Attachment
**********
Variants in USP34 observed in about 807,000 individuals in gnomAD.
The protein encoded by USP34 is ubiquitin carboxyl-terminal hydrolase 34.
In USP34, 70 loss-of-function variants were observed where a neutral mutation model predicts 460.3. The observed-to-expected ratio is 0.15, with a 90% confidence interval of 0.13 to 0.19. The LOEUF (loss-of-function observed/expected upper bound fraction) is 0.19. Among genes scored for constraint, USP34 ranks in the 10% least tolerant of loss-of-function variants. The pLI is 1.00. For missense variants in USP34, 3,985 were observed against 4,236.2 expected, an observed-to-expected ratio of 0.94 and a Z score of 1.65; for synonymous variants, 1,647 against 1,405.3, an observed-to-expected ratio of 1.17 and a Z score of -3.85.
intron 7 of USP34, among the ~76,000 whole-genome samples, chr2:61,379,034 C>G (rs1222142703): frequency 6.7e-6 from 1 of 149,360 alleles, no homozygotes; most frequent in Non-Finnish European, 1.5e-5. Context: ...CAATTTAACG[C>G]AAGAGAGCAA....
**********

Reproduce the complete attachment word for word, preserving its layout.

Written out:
Variants in USP34 observed in about 807,000 individuals in gnomAD.
The protein encoded by USP34 is ubiquitin carboxyl-terminal hydrolase 34.
In USP34, 70 loss-of-function variants were observed where a neutral mutation model predicts 460.3. The observed-to-expected ratio is 0.15, with a 90% confidence interval of 0.13 to 0.19. The LOEUF (loss-of-function observed/expected upper bound fraction) is 0.19. Among genes scored for constraint, USP34 ranks in the 10% least tolerant of loss-of-function variants. The pLI is 1.00. For missense variants in USP34, 3,985 were observed against 4,236.2 expected, an observed-to-expected ratio of 0.94 and a Z score of 1.65; for synonymous variants, 1,647 against 1,405.3, an observed-to-expected ratio of 1.17 and a Z score of -3.85.
intron 7 of USP34, among the ~76,000 whole-genome samples, chr2:61,379,034 C>G (rs1222142703): frequency 6.7e-6 from 1 of 149,360 alleles, no homozygotes; most frequent in Non-Finnish European, 1.5e-5. Context: ...CAATTTAACG[C>G]AAGAGAGCAA....